Here I sit, 25 years later, evaluating the twists and turns that led my life to where it is today.  What have I done with my life?  What have I really accomplished?  I am a high school graduate, an unemployed homeschooling Mom who spends her days picking up dirty socks, correcting grammar workbooks, and asking for the 22nd time for someone to please shut the door!  I have no fancy diploma on the wall, no claim to fame, no diseases cured, and nothing at all to brag about should anyone care to listen.  Interestingly though, the ways in which I defined success when I was young are still the ways I define success today.  Oh, I am certain that any alumni present at a reunion from my own graduating class might look and scoff.  There would be many of us, I am sure, who would be placed in the "Loser" category for what we don't have to show for 25 years of living post-high school.

The success I have though is exactly what I chose to chase.  It isn't measurable in the same ways.  That life filled with love and happiness is no longer a dream, but has long been a I absolutely do not take for granted.  Those two kids of the dreams of my senior year Family Class somehow morphed into five, and the faces that greet me every morning are far more beautiful than Dominick or I could have ever produced ourselves, even if they look nothing like us at all.  We have a decent home with space around us that helps us feel somehow freer.  We have much laughter!!!  There is always a hand to help, and a hug to share.  There is love spoken here, not just occasionally, but hourly, and sometimes moment by moment.

My success is not at all in what I wear, what I drive, or the furnishings that surround me.  As I took that long look back this past week, as my youth came rushing back to me in the familiar scents of smog and oleander, and the unceasing sounds of traffic off in the not-so-far distance, I smiled. No, I am not even close to living the life I once imagined for myself, and how awesome it is that I was not limited by those undersized dreams!

But it was just yesterday evening when I really understood that I had truly achieved the kind of success that has meaning and value.  The girls and I were out on a little jaunt, alone without the menfolk as we stopped by our church and then the grocery store for a couple of items.  Somehow the conversation turned to relationships, and what makes them work.  I spoke of how very blessed we are to have the kinds of conversations in our family on a daily basis that some families are never able to have.  Angela asked "Why are we like that, Mom, and others aren't?" and I said "Courage, Angela.  It takes a lot of courage to reveal your heart to others, to risk being laughed at for sharing what you really feel.  It isn't easy, and I think in some families the parents themselves don't understand that it is important that they let their children see inside their hearts to teach the kids how to do the same thing.  They want to hide things, they want to always look strong and not look vulnerable or weak."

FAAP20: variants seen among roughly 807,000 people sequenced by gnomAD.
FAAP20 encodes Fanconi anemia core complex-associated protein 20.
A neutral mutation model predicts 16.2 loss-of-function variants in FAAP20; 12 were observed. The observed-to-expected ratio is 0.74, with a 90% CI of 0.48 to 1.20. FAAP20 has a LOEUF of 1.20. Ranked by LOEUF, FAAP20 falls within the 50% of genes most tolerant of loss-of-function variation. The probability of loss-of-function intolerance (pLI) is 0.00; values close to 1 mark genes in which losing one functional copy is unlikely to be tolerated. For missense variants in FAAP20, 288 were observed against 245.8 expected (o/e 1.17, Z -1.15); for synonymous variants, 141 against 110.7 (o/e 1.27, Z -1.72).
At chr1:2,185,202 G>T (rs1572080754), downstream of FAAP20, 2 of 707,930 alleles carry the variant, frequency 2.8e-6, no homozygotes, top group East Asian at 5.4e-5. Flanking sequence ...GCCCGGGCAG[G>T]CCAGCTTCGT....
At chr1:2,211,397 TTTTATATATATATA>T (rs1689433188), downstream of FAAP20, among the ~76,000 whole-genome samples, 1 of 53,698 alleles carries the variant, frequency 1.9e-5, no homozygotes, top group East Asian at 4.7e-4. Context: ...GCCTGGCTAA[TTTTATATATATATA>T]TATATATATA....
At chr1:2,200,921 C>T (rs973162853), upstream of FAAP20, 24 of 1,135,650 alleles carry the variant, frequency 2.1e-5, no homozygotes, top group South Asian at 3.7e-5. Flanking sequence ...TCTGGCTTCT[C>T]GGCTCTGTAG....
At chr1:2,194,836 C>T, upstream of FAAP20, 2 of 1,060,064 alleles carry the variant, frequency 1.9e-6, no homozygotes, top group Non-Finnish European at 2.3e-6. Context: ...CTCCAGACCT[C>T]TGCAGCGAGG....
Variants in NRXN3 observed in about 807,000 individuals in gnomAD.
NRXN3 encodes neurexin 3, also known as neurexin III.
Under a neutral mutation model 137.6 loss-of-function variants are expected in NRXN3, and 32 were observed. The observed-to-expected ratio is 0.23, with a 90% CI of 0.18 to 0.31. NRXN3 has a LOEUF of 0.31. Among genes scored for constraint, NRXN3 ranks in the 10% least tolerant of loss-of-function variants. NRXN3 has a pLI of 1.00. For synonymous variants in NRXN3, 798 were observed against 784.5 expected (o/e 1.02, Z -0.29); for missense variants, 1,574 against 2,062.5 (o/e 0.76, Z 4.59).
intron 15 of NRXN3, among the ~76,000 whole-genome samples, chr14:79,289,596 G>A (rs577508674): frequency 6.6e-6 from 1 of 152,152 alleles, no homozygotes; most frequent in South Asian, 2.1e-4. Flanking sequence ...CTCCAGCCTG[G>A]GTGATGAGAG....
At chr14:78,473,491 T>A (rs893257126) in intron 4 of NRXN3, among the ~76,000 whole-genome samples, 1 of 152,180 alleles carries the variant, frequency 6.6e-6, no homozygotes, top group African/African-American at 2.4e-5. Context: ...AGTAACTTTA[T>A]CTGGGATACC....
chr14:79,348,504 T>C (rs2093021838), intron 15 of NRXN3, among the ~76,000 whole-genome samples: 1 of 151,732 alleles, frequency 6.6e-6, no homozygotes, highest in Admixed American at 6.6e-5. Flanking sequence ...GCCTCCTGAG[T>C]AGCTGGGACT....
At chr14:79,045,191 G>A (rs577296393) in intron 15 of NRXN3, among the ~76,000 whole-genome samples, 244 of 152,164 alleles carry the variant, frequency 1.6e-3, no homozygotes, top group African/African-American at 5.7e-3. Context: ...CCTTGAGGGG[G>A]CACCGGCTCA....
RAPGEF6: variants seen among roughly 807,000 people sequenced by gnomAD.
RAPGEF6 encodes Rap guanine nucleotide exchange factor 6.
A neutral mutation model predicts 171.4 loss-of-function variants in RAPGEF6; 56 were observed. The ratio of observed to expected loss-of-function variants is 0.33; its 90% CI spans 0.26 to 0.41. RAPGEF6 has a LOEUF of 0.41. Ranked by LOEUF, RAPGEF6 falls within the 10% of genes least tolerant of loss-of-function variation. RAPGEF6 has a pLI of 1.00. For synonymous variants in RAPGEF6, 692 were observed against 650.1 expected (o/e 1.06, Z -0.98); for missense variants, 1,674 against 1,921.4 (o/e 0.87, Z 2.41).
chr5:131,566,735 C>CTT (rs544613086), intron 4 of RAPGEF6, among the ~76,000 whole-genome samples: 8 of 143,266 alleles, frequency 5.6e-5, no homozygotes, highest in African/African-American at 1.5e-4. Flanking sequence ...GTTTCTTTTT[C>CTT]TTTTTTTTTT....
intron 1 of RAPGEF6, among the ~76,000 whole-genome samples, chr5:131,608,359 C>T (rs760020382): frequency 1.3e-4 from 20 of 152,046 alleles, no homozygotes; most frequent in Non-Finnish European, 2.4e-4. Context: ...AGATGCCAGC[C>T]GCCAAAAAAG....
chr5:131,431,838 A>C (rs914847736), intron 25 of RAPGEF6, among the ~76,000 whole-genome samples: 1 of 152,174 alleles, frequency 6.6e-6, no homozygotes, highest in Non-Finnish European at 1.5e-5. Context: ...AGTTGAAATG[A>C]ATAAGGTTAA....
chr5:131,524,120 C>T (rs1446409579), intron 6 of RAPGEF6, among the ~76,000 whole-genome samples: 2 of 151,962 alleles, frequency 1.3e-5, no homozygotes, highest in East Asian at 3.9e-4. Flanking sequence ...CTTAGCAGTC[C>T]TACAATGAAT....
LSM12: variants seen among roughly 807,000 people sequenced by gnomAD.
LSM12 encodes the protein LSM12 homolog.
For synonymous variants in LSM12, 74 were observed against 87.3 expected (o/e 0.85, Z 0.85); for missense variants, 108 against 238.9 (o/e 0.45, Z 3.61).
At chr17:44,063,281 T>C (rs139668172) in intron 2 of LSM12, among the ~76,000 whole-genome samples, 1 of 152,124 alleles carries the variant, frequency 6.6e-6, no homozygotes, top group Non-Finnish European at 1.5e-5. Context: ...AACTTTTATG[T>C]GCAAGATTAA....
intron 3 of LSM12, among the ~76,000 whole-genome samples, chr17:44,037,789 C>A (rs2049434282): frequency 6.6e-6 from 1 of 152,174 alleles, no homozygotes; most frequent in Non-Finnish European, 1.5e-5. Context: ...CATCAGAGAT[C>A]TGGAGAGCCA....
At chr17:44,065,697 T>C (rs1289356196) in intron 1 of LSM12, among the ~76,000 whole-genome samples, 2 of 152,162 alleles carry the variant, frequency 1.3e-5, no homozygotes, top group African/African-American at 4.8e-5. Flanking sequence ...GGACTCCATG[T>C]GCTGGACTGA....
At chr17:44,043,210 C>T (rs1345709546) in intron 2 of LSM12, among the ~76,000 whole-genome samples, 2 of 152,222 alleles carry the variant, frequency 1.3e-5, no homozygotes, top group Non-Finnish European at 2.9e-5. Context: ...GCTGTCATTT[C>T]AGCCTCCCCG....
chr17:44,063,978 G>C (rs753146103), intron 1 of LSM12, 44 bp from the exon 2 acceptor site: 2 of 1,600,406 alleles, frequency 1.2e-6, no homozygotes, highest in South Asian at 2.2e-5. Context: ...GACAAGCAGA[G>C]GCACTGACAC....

Angela got really quiet, then as we pulled into the driveway she looked over at me with tears in her eyes and said "I am so glad you and Dad are my parents.  Before I came home, I never showed anyone my feelings, it didn't feel safe.  Now, I always want to, and you always seem to understand.  It's like my heart is really open for the first time, and it feels good, even though it was scary at first.  I have the best family in the whole world, not just because I got adopted, but because I got adopted by THIS family."

That's a kind of success that the 17 year old Cindy couldn't have possibly understood.

1 comment:

Anonymous said...

I think that school reunions do not allow us to delve into the depth of the lives around us. We see what the person is wearing, how they have changed. We exchange information (after looking at the badge to see whom we are talking to)--name, occupation, family configuration, and how are your folks.

Yet, as the years go by, I think more and more of us value family and love as successful. Others envy those who have made and sustained loving families with or without copious quantities of money. Yes, we might look a bit harder at those who seem to have both family and financial success, and we can't see that at the reunion, on the street, or in casual grocery conversations. Shopping for the latest toy(snowmobile, boat, flat screen TV, etc.) we wouldn't stop to think about what is most valuable to us, but given a life-threatening disease, pain, loss, we are brought up short and are forced to reevaluate our list of life treasures and goals.

For some this thoughtful way of living arrives late; for some, never. For Team LaJoy it is an ongoing process that produces people we want to emmunlate and enjoy.

Thanks for the blog, it doesn't need to be more glamourous or exciting. Please don't quit.